I am not going to specifically state which project I have decided to pick up and get under way. As you know, I have a huge backlog of ideas from which to choose--although, some are further along than others. It will be kind of a surprise  to everyone when I announce which one, which will be much closer to the time that it is finished. For now, I will simply refer to it as novel #2.

Tuesday, July 1, 2014

Basic Human Rights Vs. Corporate Profits

While I understand the outrage about the Supreme Court's ruling in the Hobby Lobby case, I am not surprised by the decision, and neither should anybody else be surprised, either. Some of justices have a clear corporate agenda, and whenever it comes down to limiting or extending corporations' rights, they are probably going to extend them. I believe economist and former Labor Secretary Robert Reich has the right idea: it is time for the people of the US to take a serious look at the constitution in order to clearly define that corporations are not people, and that spending money is not a form of speech. There are other serious problems that also need to be addressed, so perhaps it is time to go through the constitution and rewrite and modernize it. It is the surest way to guarantee everyone basic rights, which are becoming eroded as we sink further into oligarchy.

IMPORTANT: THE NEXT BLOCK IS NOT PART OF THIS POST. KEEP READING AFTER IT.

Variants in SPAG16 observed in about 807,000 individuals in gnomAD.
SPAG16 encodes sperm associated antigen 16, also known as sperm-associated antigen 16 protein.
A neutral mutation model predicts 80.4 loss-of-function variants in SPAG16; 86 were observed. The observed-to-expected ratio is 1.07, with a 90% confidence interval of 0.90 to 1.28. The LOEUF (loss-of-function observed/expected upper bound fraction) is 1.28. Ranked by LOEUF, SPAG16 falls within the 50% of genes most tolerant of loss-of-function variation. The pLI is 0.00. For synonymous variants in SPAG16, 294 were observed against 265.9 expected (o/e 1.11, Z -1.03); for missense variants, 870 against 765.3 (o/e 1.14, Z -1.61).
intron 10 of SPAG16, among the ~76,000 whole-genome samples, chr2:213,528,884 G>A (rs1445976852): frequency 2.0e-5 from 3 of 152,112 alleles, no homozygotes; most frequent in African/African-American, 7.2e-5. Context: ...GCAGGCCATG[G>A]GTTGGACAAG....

In the Constitution, there should be provisions that clearly define and guarantee basic human rights so that everyone has access to food, water, shelter, and healthcare. How can anyone enjoy the Declaration of Independence's "life, liberty, and the pursuit of happiness" if s/he is struggling merely to exist? By ensuring these rights in the constitution, it will ensure that people will have access to meet their basic survival needs and will limit corporation and government interference with meeting those needs. Corporations will always find a way to make money, and it should not be more important than ensuring that everyone has their basic needs met. If people want luxuries, then they can find ways to make money to afford those luxuries, but these basic rights, including healthcare, are not luxuries, and should not be weighed against corporate profits, because in our current system, corporate profits seem to win out, every time.